“[The West’s] commitment to Asian partners should, therefore, never be viewed as permanent but will always be subject to the vagaries of domestic politics,” Bratton argued.
In his 2004 book Colossus: The Rise and Fall of the American Empire, the historian Niall Ferguson argued that one of Washington’s main weaknesses was an “attention deficit.”
More recently, he described this as “the [American] electorate’s tendency to lose interest in any large-scale intervention after roughly four years,” an example being last year’s withdrawal from Afghanistan.
Yet, the other meaning is the tendency of presidents to shift America’s global focus whenever they enter office. Since the 1970s, US attention has swung from Asia to Europe to the Middle East and, under Barack Obama’s “pivot” in 2011, back to what is now called the Indo-Pacific.
“I think one of the main challenges for the US if it gets bogged down against Russia in Eastern Europe is to persuasively convince Indo-Pacific allies and partners that it can chew gum and walk at the same time,” said Derek Grossman, a senior defense analyst at the RAND Corporation.
“In other words, can Washington still be viewed as dependable to carry out its security commitments while embroiled in the Russia-Ukraine crisis?” he added. “After decades of focusing on the Middle East and Afghanistan, Indo-Pacific allies and partners have reasons to be concerned.”
“Also, and perhaps more importantly,” Grossman went on, “US adversaries in the Indo-Pacific—namely China and North Korea—might sense a moment of opportunity if Washington appears distracted. Of course, in this context, observers have primarily discussed China taking military action against Taiwan, but other scenarios are plausible as well, i.e. against a Southeast Asian maritime claimant in the South China Sea.”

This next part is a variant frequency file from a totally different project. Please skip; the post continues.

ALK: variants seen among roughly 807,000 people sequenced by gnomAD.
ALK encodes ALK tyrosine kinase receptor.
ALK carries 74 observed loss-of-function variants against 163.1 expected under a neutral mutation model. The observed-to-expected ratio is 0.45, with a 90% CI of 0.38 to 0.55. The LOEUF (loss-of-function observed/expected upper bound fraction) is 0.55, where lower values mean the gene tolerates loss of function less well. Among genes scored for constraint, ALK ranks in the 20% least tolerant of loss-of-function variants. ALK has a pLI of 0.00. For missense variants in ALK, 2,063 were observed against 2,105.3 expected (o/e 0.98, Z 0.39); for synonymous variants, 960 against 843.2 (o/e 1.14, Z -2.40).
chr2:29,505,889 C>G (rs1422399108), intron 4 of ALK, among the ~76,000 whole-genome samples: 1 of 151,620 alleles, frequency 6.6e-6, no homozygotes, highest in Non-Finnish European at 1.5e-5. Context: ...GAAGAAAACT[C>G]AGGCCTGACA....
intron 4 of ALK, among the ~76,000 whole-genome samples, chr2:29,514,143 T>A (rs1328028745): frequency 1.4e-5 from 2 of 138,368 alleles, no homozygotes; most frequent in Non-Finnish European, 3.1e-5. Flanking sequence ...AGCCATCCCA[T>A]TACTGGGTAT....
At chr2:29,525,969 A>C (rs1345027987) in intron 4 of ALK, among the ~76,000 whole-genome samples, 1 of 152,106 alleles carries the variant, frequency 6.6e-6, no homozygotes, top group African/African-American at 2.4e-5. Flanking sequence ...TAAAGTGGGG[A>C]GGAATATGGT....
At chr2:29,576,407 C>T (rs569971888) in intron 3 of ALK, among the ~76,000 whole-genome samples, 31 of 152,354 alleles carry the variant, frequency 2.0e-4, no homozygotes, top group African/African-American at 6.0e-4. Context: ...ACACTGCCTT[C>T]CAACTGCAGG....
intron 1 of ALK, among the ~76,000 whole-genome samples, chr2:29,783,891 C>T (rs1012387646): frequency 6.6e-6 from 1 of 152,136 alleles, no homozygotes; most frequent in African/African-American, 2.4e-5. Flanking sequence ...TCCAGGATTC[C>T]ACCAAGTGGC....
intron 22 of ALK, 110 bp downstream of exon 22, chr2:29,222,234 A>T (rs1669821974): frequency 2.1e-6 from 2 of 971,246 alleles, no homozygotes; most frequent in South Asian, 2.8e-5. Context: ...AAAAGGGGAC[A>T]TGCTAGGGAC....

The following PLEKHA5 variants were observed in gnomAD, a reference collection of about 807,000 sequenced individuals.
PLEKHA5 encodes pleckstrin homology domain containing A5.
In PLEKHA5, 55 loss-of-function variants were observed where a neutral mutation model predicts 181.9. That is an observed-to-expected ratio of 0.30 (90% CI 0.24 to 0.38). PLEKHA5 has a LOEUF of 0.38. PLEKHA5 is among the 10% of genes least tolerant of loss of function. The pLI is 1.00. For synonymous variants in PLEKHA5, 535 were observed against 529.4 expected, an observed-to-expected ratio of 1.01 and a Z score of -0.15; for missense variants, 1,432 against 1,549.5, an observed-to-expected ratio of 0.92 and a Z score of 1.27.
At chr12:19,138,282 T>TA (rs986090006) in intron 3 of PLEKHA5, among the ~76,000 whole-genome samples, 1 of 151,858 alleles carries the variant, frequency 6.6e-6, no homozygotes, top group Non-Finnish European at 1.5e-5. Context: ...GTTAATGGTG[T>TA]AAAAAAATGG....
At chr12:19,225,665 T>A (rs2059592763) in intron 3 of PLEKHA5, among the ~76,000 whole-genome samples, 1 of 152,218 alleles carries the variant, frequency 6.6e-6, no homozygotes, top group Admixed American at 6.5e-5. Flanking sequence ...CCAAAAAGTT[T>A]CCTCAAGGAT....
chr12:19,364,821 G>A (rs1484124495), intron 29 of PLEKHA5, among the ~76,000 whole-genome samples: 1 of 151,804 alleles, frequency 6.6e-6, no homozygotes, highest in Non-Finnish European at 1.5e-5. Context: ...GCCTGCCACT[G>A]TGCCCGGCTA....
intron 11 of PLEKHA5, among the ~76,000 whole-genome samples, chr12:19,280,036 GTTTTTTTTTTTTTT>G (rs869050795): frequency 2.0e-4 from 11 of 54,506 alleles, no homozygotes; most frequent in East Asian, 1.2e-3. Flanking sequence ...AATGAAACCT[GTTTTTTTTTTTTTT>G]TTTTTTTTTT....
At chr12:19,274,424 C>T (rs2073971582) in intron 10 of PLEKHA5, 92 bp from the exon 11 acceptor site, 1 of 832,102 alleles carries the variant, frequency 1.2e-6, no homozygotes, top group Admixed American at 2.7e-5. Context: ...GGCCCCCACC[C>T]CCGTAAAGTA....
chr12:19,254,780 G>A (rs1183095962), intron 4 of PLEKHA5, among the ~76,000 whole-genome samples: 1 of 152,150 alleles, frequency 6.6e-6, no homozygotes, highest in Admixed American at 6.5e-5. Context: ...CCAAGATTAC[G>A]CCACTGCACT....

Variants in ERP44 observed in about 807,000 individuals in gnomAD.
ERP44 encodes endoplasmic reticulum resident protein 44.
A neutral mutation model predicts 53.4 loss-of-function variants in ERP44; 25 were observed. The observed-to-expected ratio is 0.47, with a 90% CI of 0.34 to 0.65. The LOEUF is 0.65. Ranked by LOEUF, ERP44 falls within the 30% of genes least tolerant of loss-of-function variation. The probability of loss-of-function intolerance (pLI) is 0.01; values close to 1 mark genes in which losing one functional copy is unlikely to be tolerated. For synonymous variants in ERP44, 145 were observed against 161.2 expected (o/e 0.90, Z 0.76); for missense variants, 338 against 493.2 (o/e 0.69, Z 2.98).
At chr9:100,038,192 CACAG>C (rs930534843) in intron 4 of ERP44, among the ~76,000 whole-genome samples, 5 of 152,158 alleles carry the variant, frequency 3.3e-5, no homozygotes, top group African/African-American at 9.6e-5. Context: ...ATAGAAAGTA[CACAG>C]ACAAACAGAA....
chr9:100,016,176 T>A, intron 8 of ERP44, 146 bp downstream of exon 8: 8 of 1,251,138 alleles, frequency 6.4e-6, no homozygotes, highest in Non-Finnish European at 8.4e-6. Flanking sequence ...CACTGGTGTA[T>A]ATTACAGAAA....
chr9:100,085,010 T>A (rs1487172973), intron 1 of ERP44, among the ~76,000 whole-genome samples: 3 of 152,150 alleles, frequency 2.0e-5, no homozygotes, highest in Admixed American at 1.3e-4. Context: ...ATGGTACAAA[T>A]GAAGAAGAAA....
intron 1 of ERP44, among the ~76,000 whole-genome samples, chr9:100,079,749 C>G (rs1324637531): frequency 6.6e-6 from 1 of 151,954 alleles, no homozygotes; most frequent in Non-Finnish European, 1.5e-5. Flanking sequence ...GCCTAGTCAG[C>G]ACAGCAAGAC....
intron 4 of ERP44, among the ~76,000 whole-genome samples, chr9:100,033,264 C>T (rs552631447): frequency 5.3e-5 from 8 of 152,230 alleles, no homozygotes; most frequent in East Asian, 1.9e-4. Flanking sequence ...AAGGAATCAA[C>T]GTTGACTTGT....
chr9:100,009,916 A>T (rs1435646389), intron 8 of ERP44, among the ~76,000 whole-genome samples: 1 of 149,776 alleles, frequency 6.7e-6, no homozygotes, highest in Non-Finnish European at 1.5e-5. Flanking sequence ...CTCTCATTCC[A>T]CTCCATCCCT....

When Biden ordered the US “retreat” from Afghanistan last year, some in Southeast Asia looked upon it fondly. “Southeast Asia may eventually benefit from the US withdrawal from Afghanistan,” Le Hong Hiep, of Singapore’s ISEAS – the Yusof Ishak Institute research center in Singapore – told Asia Times at the time.
And the move was backed by several regional politicians, including the Philippines’ Foreign Affairs Secretary, Teodoro Locsin Jr.
In many ways, the retreat from Afghanistan appeared to be the final piece in America’s “pivot” to Asia, which when launched in 2011 was always considered a two-track policy: to refocus on Asia’s increasingly important geopolitics and markets, and as a convenient excuse to walk out of the Middle East’s various quagmires.
There are now concerns, however, that Washington is swinging its attention back to Europe with Biden’s announcement this week that the US is sending 3,000 troops into Eastern Europe. A conflict in Ukraine wouldn’t be resolved quickly and, if an invasion happens, the threatened US sanctions could quickly demand the sort of responses Biden is now shying from.
“Indo-Pacific watchers are justifiably cranky right now,” Derek Grossman, a senior defense analyst at the Rand Corporation, tweeted last week. “We are watching the Biden [administration], which got off to a strong start in our region, now begin to turn its sights to Eastern Europe,” he added.
“We’ve seen this movie before, and it doesn’t end well. Hard to stomach yet another failed pivot.”
Southeast Asian leaders will expect reassurances. A distracted White House, which was lethargic last year during peace, might not provide enough of them. One positive is Marc Knapper arrived in Hanoi last week as the new US ambassador.
But key Southeast Asian partners, including US treaty allies Thailand and the Philippines, as well as the ASEAN bloc itself, are still without ambassadors. US Secretary of State Antony Blinken was critiqued for saying nothing new during his visit to Indonesia in December.
The previous month, Biden said he would attempt to organize a special ASEAN summit in Washington for early 2022, an event that hasn’t materialized. Questions remain over how Biden will respond personally to Cambodian Prime Minister Hun Sen, a staunch Chinese ally, as the head of the Southeast Asian bloc this year.
ASEAN is almost pathological in its demands for stability and predictability, but it’s unlikely to get it from Washington in 2022.
Follow David Hutt on Twitter at @davidhuttjourno